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The Making of ‘Maxine’s Baby,’ Tyler Perry Documentary: An Interview

The Making of ‘Maxine’s Baby,’ Tyler Perry Documentary: An Interview

Despite the many plays, films and TV shows produced by the prolific writer-director, Tyler Perry has avoided overtly mining his own personal history for this body of work. For Gelila Bekele, co-director of Maxine’s Baby: The Tyler Perry Story (who also shares a child with Perry), she recognized an opportunity to share how Perry built his empire on his own — inspired in part by the Black woman who raised him, his mother, Maxine.

“I had the privilege of having a front row seat for many years, of [witnessing] this man design his dreams,” says Bekele, who adds that Maxine’s Baby was the product of a decade’s worth of following Perry with a camera. “Naturally, as a filmmaker, you want to pick up a camera and not miss a moment.”

Bekele, who also served as producer and writer, brought on board Armani Ortiz to co-direct the project, both joined for a THR Presents panel, powered by Vision Media. “She didn’t tell me it was going to be 10 years,” laughs Ortiz, who connected with Bekele through a mutual friend when he was 23 and moved to Atlanta to start documenting Perry. “It’s a once-in-a-lifetime project, to spend 10 years on something and to really try to make someone’s story really come to life,” he adds. 

Bekele says the pair filmed Maxine’s Baby “shotgun style” as Perry worked on his many projects and prepared the opening of Tyler Perry Studios, a massive 330-acre lot in Atlanta that opened in 2019 — an achievement that bookends the film, reiterating how far Perry came from his youth in New Orleans. “You couple that with what he was making in Atlanta and what he was building, not only for himself, but for our community in cinema as a whole …  It became something bigger than any of us ever thought,” says Ortiz.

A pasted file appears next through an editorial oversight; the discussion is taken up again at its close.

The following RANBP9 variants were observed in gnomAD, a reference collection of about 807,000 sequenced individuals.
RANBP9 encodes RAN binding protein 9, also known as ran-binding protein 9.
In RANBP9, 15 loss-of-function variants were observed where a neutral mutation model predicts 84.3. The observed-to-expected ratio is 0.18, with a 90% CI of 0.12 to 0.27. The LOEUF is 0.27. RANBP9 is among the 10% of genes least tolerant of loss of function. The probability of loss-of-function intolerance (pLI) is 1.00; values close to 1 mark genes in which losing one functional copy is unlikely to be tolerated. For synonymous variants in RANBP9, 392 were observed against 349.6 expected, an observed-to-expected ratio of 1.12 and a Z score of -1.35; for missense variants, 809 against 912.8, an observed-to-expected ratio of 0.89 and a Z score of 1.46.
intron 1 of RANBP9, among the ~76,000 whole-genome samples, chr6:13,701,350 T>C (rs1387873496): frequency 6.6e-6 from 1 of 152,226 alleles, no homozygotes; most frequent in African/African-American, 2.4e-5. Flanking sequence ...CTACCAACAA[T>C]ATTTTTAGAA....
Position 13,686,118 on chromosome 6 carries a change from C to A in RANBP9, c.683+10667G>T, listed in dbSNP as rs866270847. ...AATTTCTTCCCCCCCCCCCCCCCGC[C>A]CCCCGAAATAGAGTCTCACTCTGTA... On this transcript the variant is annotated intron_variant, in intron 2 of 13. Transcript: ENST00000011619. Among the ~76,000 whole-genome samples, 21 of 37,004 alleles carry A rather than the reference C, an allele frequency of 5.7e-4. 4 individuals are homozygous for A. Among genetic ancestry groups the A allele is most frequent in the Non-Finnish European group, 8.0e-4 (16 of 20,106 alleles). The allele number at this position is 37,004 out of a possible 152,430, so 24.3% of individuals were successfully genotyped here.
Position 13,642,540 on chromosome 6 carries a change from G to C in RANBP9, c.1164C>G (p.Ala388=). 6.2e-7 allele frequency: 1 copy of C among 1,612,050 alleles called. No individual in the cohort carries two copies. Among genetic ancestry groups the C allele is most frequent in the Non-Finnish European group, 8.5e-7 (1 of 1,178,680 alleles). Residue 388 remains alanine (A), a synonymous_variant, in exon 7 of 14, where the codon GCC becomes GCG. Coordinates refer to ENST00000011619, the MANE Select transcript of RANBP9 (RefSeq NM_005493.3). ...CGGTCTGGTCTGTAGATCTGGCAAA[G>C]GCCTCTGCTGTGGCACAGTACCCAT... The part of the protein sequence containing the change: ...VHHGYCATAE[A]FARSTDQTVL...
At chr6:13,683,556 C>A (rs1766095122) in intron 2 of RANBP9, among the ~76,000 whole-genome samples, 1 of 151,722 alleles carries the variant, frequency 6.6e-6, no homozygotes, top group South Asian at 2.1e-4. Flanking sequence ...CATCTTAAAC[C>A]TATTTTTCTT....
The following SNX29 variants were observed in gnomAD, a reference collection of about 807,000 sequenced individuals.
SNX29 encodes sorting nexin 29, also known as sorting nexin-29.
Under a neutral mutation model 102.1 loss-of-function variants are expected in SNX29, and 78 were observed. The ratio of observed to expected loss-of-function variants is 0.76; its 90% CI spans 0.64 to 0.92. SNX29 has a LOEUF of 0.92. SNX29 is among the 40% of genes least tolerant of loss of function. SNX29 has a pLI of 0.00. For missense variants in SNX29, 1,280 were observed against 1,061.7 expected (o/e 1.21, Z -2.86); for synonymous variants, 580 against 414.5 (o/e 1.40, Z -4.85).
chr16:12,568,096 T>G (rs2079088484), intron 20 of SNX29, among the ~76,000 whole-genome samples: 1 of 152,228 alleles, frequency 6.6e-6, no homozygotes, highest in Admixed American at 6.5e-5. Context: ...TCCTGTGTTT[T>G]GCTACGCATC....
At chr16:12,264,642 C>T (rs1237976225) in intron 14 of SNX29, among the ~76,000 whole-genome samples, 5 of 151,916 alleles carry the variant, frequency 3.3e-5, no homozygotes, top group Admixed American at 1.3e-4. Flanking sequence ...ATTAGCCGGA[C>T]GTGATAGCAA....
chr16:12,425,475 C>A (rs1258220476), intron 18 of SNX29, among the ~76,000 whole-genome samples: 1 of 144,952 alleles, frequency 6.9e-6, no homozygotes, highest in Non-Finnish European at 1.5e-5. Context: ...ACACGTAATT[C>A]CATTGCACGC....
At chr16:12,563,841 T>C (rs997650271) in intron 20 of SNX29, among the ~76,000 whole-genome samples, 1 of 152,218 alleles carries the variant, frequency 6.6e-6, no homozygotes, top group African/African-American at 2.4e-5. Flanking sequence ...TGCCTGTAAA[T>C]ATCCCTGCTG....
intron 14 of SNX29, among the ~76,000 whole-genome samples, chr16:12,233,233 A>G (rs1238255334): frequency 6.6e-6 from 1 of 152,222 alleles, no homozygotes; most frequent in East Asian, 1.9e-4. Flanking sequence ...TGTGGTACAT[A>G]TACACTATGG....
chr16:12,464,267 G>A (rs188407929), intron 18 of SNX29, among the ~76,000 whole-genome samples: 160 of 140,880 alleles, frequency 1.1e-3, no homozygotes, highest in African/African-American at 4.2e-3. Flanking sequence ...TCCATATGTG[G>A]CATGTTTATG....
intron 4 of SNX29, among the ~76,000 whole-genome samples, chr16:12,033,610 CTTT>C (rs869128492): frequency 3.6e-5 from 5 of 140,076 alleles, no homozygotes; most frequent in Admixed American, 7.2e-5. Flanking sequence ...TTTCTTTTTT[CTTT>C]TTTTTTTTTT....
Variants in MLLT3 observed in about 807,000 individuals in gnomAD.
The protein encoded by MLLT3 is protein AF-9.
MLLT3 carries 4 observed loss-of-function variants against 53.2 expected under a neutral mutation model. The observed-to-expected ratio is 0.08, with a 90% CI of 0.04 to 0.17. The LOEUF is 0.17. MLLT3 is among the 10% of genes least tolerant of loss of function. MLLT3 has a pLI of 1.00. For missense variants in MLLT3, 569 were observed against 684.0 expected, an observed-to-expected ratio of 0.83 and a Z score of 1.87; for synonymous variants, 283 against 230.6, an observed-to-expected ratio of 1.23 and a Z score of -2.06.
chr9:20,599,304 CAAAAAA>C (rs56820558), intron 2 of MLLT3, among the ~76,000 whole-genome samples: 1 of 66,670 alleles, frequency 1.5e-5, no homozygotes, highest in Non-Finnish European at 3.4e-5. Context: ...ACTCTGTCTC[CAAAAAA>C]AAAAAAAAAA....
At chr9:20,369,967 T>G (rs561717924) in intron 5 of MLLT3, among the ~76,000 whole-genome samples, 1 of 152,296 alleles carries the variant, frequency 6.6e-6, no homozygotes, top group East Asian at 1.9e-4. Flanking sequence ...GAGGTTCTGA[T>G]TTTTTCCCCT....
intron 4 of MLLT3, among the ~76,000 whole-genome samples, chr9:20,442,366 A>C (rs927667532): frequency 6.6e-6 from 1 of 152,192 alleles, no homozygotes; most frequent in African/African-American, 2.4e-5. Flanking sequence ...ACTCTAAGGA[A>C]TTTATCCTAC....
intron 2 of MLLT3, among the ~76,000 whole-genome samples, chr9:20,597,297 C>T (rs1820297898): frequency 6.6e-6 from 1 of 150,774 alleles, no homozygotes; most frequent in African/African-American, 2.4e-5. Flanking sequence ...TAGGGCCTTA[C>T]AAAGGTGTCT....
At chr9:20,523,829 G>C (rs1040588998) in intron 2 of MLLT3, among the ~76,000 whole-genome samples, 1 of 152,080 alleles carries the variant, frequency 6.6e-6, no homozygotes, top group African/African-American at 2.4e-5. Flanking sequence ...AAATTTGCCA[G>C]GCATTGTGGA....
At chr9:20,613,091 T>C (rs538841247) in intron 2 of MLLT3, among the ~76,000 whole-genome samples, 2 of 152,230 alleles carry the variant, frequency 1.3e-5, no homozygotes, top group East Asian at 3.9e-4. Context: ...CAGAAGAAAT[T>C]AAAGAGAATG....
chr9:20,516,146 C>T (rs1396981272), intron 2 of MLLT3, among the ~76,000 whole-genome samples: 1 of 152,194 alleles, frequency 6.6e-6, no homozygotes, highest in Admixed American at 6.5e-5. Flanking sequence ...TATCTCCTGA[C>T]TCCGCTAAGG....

Also important to Bekele was for the film to celebrate Perry’s accomplishments as well as acknowledge his critics, many of whom have claimed Perry’s work is rooted in stereotypes of Black culture. “Holding space for polarity was very important for us,” she says.  “I’m not an American by birth, but I live here and I’m trying to understand history and …  also wanting to answer the question: Can an artist just be an artist without representing their culture or being a cultural ambassador?”

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For the rest of the conversation, watch the full panel above. This edition of THR Presents is sponsored by Prime Video.

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